‘The OA’ Is Really Weird and Triggery As Hell
Netflix’s new show The OA is the strangest thing I’ve ever watched.
I have a pretty hardcore record of watching strange stuff. I took experimental cinema classes in college. I’m a fan of high concept science fiction shows like Westworld and Sense8. I’ve even written some bizarre stories myself (that’ll most likely never see the light of day). I know weird. I like weird. But this show takes the cake. The first episode starts off with a seemingly domestic drama setting. A girl who’s been missing for seven years is found and returned home. She seems to be traumatized and says some strange things. On top of that, when she went missing seven years ago she was blind, but now she can see. But by the end of the episode it becomes abundantly clear that we’re watching a high concept science fiction/supernatural narrative unfold and it’s hard to stop watching. I’m not sure if I was truly enjoying myself during the time I spent viewing the short eight episode series, but I was dying to know just where the hell the plot was going.
I’ll try to keep my commentary generally spoiler free, but it’s important to know that this show weaves some heavily triggery topics into the narrative. In order to avoid massive spoilers, the trigger warning will be hidden under text that needs to be highlighted to be viewed. The triggery content is so heavily woven into the narrative, it’s difficult to warn for them without spoiling large chunks of the plot. That said, The OA contains the following triggers: attempted suicide, self harm, mental and physical torture, mentions of rape, kidnapping, mild transphobic language (dead name used casually by parents), gun violence, school shootings. Lots of triggers, right? I’m usually pretty good about sensitive subjects and even I was a bit thrown at how much was thrown at us.
Despite all of the above sensitive subject matter, I was happy with how well the trans character was treated by the narrative. Besides the above mentioned incident (highlight:dead naming), he was respected as a person without being tokenized. In fact, the show was brought to my attention by a friend within the trans community who was impressed with how respectfully he was treated. (Said friend also participated in our Sense8 Trans Representation roundtable. Thanks, Chase!) While I’m an outsider and just an ally to the community, I am happy that my friend and others are enjoying this type of character interwoven into a story that’s not about trans issues. Your mileage may vary with the character and how he was utilized with the plot, though. One person’s opinion obviously doesn’t speak for the whole community.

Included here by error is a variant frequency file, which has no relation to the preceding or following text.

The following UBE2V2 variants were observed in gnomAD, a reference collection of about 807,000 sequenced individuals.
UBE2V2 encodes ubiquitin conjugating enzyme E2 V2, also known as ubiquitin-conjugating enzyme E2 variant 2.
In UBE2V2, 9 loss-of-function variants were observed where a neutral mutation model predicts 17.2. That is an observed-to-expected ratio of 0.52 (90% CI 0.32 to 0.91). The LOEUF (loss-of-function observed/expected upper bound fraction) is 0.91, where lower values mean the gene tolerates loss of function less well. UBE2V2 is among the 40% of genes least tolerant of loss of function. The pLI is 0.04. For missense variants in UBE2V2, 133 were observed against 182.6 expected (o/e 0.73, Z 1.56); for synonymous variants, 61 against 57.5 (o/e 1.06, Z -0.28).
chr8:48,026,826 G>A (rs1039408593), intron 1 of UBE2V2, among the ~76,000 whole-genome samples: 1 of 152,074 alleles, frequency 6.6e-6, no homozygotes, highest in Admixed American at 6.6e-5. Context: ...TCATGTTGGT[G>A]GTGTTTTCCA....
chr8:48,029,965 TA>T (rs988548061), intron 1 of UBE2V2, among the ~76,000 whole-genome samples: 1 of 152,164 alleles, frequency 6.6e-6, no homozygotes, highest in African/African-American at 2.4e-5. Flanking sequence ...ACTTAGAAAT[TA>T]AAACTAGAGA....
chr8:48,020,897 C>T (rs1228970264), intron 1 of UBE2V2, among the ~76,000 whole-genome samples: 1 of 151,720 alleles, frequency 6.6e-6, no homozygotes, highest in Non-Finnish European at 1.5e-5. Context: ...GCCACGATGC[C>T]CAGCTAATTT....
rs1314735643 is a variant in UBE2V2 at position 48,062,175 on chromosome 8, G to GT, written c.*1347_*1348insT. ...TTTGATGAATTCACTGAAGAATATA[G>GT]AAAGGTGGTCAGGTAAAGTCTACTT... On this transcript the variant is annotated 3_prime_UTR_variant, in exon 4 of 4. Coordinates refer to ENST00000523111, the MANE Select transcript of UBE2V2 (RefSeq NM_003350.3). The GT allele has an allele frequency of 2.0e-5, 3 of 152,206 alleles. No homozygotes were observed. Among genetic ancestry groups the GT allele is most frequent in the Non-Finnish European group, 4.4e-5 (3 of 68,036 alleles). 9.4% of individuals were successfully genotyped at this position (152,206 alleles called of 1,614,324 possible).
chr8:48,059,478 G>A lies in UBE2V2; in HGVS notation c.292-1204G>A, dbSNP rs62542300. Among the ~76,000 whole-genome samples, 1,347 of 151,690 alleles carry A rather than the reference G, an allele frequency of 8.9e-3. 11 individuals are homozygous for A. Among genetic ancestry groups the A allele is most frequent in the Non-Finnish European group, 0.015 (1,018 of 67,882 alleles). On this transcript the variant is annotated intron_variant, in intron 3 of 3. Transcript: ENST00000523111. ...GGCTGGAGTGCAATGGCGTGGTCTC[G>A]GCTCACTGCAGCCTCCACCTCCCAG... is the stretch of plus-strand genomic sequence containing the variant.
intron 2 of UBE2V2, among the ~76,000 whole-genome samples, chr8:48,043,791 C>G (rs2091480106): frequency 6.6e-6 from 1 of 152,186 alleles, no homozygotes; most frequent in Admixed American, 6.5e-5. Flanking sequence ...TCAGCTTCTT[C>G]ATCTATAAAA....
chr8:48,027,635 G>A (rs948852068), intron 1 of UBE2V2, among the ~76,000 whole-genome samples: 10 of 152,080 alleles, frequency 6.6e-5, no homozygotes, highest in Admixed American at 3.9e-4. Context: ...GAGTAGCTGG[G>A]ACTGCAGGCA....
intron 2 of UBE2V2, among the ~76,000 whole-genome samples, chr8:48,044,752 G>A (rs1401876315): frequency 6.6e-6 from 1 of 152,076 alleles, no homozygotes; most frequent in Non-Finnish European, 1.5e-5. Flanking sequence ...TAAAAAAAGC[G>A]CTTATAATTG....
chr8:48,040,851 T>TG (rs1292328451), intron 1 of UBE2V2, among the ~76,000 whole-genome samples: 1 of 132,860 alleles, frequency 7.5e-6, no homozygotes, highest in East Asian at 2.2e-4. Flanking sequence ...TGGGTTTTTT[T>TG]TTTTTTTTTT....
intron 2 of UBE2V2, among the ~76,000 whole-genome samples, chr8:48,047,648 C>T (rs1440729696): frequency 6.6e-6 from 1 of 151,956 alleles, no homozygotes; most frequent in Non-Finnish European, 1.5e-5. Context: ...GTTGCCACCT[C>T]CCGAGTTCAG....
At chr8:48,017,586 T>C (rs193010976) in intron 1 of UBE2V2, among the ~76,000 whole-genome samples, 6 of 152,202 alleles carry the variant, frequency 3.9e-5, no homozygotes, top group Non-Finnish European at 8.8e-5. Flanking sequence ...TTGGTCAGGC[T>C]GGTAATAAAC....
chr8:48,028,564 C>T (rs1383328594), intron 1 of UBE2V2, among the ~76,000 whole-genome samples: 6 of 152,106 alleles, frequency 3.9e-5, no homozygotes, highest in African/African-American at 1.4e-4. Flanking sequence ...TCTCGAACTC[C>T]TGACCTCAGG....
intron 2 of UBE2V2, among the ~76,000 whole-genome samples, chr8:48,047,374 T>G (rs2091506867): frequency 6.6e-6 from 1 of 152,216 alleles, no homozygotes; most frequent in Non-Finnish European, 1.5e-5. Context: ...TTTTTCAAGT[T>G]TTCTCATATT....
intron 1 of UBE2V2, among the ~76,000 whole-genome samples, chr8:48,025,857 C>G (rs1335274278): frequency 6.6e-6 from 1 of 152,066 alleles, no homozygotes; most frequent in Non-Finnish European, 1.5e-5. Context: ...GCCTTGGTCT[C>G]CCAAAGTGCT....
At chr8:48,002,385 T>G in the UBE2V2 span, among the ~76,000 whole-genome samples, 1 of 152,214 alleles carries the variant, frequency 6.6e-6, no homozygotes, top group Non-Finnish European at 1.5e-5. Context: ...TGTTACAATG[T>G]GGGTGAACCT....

Getting punched in the face with the science fiction/supernatural elements at the end of the first episode was bizarre as I went into it not knowing what it’s about in the slightest. While my first clue that this could have supernatural elements was that a blind woman was somehow able to see, the show was still way more intense than I imagined it could be given how it starts. Other narratives cover similar ground that The OA does, but the writers seemed to think ‘how can we make this even weirder?’
The way they toy with science fiction and supernatural elements reminded me a lot of Stranger Things, but even that show was mostly straightforward with its more fantastical elements. I felt like I needed to be in an altered state of consciousness myself to understand some of the scenes. It seems to be a popular trend to combine these two elements right now. Perhaps it makes sense that the two genres intersect so often now considering how fast technology has developed over the past few years.
Would I recommend this show to others? I’m really not sure. If you can handle the enormous amount of triggers and enjoy highly concept-based stories, you’ll probably dig this. If you enjoy more character-focused narratives or get upset with sensitive subjects being used as plot devices, I’d stay away. I’m somewhere in the middle of these two groups, so at the end of the eighth episode I was essentially just staring at my screen wondering what the hell I just watched. It’s a trip. And I haven’t yet determined if it was a fun trip or not.
Angel is the admin of The Geekiary and a geek culture commentator. She earned a BA in Film & Digital Media from UC Santa Cruz. She’s contributed to various podcasts and webcasts including An Englishman in San Diego, Free to Be Radio, and Genre TV for All. She’s written for Friends of Comic Con and has essays published in Fandom Frontlines.
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